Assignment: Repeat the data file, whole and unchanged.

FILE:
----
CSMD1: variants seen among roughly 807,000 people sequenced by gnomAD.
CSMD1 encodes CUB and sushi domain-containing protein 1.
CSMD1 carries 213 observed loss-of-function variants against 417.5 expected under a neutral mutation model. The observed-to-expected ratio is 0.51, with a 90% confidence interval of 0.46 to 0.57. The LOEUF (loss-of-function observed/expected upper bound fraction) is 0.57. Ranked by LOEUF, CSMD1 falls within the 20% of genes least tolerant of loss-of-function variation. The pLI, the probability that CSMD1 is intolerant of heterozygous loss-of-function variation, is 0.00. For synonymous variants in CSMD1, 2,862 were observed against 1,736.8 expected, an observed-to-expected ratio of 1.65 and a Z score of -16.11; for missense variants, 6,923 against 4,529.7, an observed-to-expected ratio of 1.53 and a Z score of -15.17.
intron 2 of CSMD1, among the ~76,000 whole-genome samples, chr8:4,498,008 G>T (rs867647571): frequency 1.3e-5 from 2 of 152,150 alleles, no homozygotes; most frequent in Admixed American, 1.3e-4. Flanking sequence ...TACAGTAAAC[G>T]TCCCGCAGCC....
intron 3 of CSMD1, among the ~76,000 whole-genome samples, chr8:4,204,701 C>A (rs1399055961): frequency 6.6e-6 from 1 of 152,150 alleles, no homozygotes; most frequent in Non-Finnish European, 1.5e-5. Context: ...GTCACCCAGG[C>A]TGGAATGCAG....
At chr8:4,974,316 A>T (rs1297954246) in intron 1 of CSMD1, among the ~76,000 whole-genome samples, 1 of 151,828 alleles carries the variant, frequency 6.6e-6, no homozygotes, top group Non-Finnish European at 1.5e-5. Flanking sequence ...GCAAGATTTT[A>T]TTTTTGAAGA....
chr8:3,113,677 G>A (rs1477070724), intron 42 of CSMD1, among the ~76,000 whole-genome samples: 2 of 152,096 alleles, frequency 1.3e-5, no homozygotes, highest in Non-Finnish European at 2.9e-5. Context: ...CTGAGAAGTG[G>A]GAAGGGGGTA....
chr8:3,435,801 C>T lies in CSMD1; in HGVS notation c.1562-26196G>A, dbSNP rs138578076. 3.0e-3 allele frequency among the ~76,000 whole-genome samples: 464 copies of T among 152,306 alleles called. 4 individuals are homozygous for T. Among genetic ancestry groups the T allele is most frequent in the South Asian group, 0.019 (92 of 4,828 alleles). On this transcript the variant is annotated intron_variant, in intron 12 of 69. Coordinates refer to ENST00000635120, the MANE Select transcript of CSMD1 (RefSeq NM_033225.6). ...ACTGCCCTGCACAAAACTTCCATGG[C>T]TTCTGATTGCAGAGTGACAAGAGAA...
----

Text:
CSMD1: variants seen among roughly 807,000 people sequenced by gnomAD.
CSMD1 encodes CUB and sushi domain-containing protein 1.
CSMD1 carries 213 observed loss-of-function variants against 417.5 expected under a neutral mutation model. The observed-to-expected ratio is 0.51, with a 90% confidence interval of 0.46 to 0.57. The LOEUF (loss-of-function observed/expected upper bound fraction) is 0.57. Ranked by LOEUF, CSMD1 falls within the 20% of genes least tolerant of loss-of-function variation. The pLI, the probability that CSMD1 is intolerant of heterozygous loss-of-function variation, is 0.00. For synonymous variants in CSMD1, 2,862 were observed against 1,736.8 expected, an observed-to-expected ratio of 1.65 and a Z score of -16.11; for missense variants, 6,923 against 4,529.7, an observed-to-expected ratio of 1.53 and a Z score of -15.17.
intron 2 of CSMD1, among the ~76,000 whole-genome samples, chr8:4,498,008 G>T (rs867647571): frequency 1.3e-5 from 2 of 152,150 alleles, no homozygotes; most frequent in Admixed American, 1.3e-4. Flanking sequence ...TACAGTAAAC[G>T]TCCCGCAGCC....
intron 3 of CSMD1, among the ~76,000 whole-genome samples, chr8:4,204,701 C>A (rs1399055961): frequency 6.6e-6 from 1 of 152,150 alleles, no homozygotes; most frequent in Non-Finnish European, 1.5e-5. Context: ...GTCACCCAGG[C>A]TGGAATGCAG....
At chr8:4,974,316 A>T (rs1297954246) in intron 1 of CSMD1, among the ~76,000 whole-genome samples, 1 of 151,828 alleles carries the variant, frequency 6.6e-6, no homozygotes, top group Non-Finnish European at 1.5e-5. Flanking sequence ...GCAAGATTTT[A>T]TTTTTGAAGA....
chr8:3,113,677 G>A (rs1477070724), intron 42 of CSMD1, among the ~76,000 whole-genome samples: 2 of 152,096 alleles, frequency 1.3e-5, no homozygotes, highest in Non-Finnish European at 2.9e-5. Context: ...CTGAGAAGTG[G>A]GAAGGGGGTA....
chr8:3,435,801 C>T lies in CSMD1; in HGVS notation c.1562-26196G>A, dbSNP rs138578076. 3.0e-3 allele frequency among the ~76,000 whole-genome samples: 464 copies of T among 152,306 alleles called. 4 individuals are homozygous for T. Among genetic ancestry groups the T allele is most frequent in the South Asian group, 0.019 (92 of 4,828 alleles). On this transcript the variant is annotated intron_variant, in intron 12 of 69. Coordinates refer to ENST00000635120, the MANE Select transcript of CSMD1 (RefSeq NM_033225.6). ...ACTGCCCTGCACAAAACTTCCATGG[C>T]TTCTGATTGCAGAGTGACAAGAGAA...